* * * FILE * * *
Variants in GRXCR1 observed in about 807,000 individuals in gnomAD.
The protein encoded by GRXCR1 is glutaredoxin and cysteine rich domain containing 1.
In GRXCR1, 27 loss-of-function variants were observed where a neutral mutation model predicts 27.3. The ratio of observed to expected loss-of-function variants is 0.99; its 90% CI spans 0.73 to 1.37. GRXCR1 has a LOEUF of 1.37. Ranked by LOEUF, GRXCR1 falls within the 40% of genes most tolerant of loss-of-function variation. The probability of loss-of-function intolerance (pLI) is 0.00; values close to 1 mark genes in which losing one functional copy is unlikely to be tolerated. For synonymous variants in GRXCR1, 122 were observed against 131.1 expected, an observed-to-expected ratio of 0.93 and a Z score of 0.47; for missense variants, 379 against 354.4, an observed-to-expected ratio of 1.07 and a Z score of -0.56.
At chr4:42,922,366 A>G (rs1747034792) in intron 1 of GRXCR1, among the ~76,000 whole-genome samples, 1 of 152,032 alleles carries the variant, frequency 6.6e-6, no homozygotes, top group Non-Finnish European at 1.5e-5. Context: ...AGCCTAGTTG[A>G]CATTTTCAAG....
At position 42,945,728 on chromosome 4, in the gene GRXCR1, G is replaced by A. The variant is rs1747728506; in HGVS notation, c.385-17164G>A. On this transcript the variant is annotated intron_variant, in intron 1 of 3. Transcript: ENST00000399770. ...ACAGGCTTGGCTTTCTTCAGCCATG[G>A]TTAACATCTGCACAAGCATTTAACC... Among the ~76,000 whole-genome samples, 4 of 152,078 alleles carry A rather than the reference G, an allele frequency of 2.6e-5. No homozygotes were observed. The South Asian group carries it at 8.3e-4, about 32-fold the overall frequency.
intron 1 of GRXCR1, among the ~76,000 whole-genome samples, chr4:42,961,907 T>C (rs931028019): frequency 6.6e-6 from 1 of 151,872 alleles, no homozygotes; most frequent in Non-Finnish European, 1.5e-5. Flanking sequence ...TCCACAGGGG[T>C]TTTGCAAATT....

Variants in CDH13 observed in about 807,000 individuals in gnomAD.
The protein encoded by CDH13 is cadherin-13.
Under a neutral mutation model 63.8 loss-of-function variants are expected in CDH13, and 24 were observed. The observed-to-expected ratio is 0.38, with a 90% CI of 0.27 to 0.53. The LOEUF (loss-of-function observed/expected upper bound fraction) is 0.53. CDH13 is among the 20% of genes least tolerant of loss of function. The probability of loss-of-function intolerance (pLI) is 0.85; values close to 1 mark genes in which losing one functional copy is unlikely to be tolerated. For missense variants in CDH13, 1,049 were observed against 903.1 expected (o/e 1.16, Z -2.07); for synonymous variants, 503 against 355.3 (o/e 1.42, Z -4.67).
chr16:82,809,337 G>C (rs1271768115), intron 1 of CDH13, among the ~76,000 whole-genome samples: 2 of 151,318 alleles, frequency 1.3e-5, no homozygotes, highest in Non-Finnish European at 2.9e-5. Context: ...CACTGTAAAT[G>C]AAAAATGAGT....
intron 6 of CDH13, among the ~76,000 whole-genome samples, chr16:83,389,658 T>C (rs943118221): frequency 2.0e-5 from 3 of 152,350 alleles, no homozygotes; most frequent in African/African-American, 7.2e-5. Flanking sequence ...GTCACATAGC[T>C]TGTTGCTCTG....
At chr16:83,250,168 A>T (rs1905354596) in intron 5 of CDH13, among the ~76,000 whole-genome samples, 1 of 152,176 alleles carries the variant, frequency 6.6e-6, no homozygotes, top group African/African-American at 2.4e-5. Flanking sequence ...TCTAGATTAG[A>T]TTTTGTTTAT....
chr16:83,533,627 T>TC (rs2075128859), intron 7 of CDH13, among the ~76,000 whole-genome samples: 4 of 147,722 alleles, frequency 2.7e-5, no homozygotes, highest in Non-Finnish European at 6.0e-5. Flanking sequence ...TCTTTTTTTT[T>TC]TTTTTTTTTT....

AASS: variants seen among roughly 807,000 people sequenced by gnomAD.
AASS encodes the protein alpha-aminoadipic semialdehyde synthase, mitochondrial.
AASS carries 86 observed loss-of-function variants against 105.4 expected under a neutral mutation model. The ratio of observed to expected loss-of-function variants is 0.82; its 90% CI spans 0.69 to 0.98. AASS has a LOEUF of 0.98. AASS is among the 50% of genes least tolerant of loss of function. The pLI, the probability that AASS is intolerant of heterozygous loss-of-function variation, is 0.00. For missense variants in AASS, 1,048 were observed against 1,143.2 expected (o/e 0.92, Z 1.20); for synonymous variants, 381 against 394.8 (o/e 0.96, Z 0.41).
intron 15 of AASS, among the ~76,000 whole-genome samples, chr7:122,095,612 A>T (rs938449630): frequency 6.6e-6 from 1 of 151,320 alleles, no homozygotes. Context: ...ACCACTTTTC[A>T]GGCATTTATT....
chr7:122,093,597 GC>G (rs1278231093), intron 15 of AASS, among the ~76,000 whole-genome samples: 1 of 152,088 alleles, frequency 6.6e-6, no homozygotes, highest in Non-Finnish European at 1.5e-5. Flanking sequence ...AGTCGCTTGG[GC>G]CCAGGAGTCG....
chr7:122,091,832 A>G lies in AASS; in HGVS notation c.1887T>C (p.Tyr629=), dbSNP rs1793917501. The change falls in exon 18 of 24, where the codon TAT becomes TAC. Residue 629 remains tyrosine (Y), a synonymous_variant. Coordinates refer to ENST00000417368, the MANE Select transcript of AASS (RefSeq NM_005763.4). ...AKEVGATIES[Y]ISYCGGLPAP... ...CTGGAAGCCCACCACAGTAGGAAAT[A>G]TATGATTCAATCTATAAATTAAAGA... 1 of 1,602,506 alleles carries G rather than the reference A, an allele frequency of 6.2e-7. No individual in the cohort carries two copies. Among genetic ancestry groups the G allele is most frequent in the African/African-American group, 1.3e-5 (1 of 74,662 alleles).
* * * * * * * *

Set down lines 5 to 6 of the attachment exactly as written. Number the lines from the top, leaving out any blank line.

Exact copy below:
At position 42,945,728 on chromosome 4, in the gene GRXCR1, G is replaced by A. The variant is rs1747728506; in HGVS notation, c.385-17164G>A. On this transcript the variant is annotated intron_variant, in intron 1 of 3. Transcript: ENST00000399770. ...ACAGGCTTGGCTTTCTTCAGCCATG[G>A]TTAACATCTGCACAAGCATTTAACC... Among the ~76,000 whole-genome samples, 4 of 152,078 alleles carry A rather than the reference G, an allele frequency of 2.6e-5. No homozygotes were observed. The South Asian group carries it at 8.3e-4, about 32-fold the overall frequency.
intron 1 of GRXCR1, among the ~76,000 whole-genome samples, chr4:42,961,907 T>C (rs931028019): frequency 6.6e-6 from 1 of 151,872 alleles, no homozygotes; most frequent in Non-Finnish European, 1.5e-5. Flanking sequence ...TCCACAGGGG[T>C]TTTGCAAATT....